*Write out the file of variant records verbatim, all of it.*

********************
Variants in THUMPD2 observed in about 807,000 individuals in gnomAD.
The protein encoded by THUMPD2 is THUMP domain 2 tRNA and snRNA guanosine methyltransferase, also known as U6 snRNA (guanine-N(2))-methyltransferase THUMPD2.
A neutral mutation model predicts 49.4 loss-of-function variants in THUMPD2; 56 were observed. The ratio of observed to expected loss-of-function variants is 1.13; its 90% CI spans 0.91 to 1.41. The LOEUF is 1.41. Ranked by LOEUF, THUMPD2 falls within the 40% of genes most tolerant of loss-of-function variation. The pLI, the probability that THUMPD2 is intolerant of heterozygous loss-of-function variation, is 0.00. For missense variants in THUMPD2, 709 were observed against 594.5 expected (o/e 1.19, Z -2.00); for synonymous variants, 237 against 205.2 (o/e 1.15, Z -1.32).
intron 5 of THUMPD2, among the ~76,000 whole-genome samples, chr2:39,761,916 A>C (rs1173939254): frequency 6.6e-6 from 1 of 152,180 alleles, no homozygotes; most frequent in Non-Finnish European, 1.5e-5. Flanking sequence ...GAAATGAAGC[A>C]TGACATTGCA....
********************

Variants in THUMPD2 observed in about 807,000 individuals in gnomAD.
The protein encoded by THUMPD2 is THUMP domain 2 tRNA and snRNA guanosine methyltransferase, also known as U6 snRNA (guanine-N(2))-methyltransferase THUMPD2.
A neutral mutation model predicts 49.4 loss-of-function variants in THUMPD2; 56 were observed. The ratio of observed to expected loss-of-function variants is 1.13; its 90% CI spans 0.91 to 1.41. The LOEUF is 1.41. Ranked by LOEUF, THUMPD2 falls within the 40% of genes most tolerant of loss-of-function variation. The pLI, the probability that THUMPD2 is intolerant of heterozygous loss-of-function variation, is 0.00. For missense variants in THUMPD2, 709 were observed against 594.5 expected (o/e 1.19, Z -2.00); for synonymous variants, 237 against 205.2 (o/e 1.15, Z -1.32).
intron 5 of THUMPD2, among the ~76,000 whole-genome samples, chr2:39,761,916 A>C (rs1173939254): frequency 6.6e-6 from 1 of 152,180 alleles, no homozygotes; most frequent in Non-Finnish European, 1.5e-5. Flanking sequence ...GAAATGAAGC[A>C]TGACATTGCA....